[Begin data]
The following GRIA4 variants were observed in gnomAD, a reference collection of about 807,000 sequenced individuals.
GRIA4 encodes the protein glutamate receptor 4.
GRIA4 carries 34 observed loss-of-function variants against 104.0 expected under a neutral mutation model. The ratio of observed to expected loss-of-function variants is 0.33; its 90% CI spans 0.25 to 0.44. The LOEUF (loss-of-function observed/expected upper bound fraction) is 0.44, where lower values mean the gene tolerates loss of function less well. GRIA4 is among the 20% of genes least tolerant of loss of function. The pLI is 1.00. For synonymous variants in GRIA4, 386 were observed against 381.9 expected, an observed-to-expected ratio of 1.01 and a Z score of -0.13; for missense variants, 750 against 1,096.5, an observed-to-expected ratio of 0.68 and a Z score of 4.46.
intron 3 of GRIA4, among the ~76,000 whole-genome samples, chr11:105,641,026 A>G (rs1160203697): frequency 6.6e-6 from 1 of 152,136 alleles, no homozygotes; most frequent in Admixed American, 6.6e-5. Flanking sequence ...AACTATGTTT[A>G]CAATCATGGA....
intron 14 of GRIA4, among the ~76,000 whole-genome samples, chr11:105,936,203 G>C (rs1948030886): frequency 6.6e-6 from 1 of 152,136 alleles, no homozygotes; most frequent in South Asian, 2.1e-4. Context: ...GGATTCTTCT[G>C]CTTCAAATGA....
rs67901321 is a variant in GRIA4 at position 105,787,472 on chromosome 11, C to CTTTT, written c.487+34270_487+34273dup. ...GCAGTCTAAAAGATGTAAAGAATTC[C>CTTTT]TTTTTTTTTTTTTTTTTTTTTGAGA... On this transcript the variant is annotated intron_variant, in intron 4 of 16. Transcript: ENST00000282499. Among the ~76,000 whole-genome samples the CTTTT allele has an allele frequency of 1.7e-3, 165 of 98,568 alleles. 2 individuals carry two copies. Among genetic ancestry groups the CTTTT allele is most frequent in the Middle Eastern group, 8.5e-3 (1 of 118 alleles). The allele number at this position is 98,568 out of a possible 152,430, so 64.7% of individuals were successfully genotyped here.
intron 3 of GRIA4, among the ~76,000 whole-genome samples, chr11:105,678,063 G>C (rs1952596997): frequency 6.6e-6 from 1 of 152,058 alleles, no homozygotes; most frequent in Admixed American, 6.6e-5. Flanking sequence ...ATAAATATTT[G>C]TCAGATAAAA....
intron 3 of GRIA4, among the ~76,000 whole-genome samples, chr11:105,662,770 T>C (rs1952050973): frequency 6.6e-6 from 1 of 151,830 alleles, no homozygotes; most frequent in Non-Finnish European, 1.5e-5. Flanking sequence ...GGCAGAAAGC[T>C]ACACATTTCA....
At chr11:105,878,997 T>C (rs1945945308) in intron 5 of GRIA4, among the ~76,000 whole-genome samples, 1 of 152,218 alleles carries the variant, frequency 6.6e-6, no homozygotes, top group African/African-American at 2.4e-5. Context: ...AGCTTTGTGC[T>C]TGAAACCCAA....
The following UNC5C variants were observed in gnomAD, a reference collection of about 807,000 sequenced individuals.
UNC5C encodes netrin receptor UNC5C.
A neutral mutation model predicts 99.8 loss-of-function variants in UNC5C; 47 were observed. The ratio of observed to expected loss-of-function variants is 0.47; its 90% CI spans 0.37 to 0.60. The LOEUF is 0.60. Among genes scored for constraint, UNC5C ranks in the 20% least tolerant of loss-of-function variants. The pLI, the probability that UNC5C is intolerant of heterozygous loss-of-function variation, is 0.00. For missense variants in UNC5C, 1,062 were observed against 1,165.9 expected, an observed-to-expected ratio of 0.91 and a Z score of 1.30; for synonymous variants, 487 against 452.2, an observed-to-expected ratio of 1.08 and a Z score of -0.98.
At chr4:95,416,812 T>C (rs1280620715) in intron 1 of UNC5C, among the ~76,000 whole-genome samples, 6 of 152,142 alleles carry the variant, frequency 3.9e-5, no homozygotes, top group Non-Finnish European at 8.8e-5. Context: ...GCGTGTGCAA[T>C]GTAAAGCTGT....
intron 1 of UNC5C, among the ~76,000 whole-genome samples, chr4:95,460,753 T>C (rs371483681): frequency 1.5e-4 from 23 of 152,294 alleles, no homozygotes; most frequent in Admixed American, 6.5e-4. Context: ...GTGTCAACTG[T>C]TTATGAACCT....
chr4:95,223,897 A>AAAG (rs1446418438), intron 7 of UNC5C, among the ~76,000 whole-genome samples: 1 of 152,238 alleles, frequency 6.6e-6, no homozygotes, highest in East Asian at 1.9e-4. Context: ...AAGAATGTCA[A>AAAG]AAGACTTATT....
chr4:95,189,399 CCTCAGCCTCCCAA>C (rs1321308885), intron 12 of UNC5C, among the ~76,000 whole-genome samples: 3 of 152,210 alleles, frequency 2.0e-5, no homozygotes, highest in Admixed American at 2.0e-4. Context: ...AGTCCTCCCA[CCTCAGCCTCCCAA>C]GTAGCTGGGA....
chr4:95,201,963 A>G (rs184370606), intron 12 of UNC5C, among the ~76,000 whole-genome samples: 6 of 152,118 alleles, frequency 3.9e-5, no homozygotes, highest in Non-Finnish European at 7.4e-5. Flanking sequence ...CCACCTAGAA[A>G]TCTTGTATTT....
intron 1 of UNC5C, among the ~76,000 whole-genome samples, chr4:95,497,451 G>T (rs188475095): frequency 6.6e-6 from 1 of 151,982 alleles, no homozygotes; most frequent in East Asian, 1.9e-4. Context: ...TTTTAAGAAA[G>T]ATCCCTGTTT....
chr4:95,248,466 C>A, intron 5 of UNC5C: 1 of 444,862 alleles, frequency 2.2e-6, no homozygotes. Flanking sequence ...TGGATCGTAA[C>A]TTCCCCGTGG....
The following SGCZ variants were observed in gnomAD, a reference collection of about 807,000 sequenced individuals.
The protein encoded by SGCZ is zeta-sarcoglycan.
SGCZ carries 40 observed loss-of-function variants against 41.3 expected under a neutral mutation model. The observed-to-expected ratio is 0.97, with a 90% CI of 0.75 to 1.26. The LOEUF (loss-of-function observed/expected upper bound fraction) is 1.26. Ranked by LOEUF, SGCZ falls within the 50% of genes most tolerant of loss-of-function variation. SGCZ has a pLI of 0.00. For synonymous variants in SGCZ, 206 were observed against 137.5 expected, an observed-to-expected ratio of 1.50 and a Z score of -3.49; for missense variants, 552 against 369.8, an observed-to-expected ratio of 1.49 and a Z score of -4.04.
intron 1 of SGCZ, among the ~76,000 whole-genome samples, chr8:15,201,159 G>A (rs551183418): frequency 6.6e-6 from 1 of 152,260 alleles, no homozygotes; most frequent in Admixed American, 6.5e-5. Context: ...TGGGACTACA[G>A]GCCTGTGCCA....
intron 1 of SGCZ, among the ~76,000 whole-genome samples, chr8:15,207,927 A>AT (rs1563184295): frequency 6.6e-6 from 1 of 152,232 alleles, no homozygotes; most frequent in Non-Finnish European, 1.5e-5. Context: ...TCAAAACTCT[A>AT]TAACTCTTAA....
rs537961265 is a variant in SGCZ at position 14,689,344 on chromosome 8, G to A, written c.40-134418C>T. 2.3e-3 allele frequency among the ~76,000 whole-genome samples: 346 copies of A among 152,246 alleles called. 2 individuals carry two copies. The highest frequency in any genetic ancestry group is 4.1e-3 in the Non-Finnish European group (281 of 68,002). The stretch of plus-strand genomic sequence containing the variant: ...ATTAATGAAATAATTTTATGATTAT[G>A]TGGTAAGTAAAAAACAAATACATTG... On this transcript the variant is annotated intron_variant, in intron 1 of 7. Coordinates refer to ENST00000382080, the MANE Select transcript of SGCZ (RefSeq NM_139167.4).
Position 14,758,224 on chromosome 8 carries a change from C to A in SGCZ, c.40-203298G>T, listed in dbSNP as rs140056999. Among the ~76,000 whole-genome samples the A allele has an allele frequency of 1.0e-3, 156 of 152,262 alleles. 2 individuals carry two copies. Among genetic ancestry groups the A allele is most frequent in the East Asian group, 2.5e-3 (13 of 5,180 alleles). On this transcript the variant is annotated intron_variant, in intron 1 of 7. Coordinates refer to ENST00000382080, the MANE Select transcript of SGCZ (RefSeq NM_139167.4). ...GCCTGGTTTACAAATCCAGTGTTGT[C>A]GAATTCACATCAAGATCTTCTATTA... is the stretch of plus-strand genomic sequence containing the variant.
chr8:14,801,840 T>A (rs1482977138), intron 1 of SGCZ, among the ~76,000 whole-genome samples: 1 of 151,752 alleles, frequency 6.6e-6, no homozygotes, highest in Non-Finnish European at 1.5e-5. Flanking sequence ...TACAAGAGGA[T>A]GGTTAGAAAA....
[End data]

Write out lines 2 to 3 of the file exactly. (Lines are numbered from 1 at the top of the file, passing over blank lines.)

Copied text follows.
GRIA4 encodes the protein glutamate receptor 4.
GRIA4 carries 34 observed loss-of-function variants against 104.0 expected under a neutral mutation model. The ratio of observed to expected loss-of-function variants is 0.33; its 90% CI spans 0.25 to 0.44. The LOEUF (loss-of-function observed/expected upper bound fraction) is 0.44, where lower values mean the gene tolerates loss of function less well. GRIA4 is among the 20% of genes least tolerant of loss of function. The pLI is 1.00. For synonymous variants in GRIA4, 386 were observed against 381.9 expected, an observed-to-expected ratio of 1.01 and a Z score of -0.13; for missense variants, 750 against 1,096.5, an observed-to-expected ratio of 0.68 and a Z score of 4.46.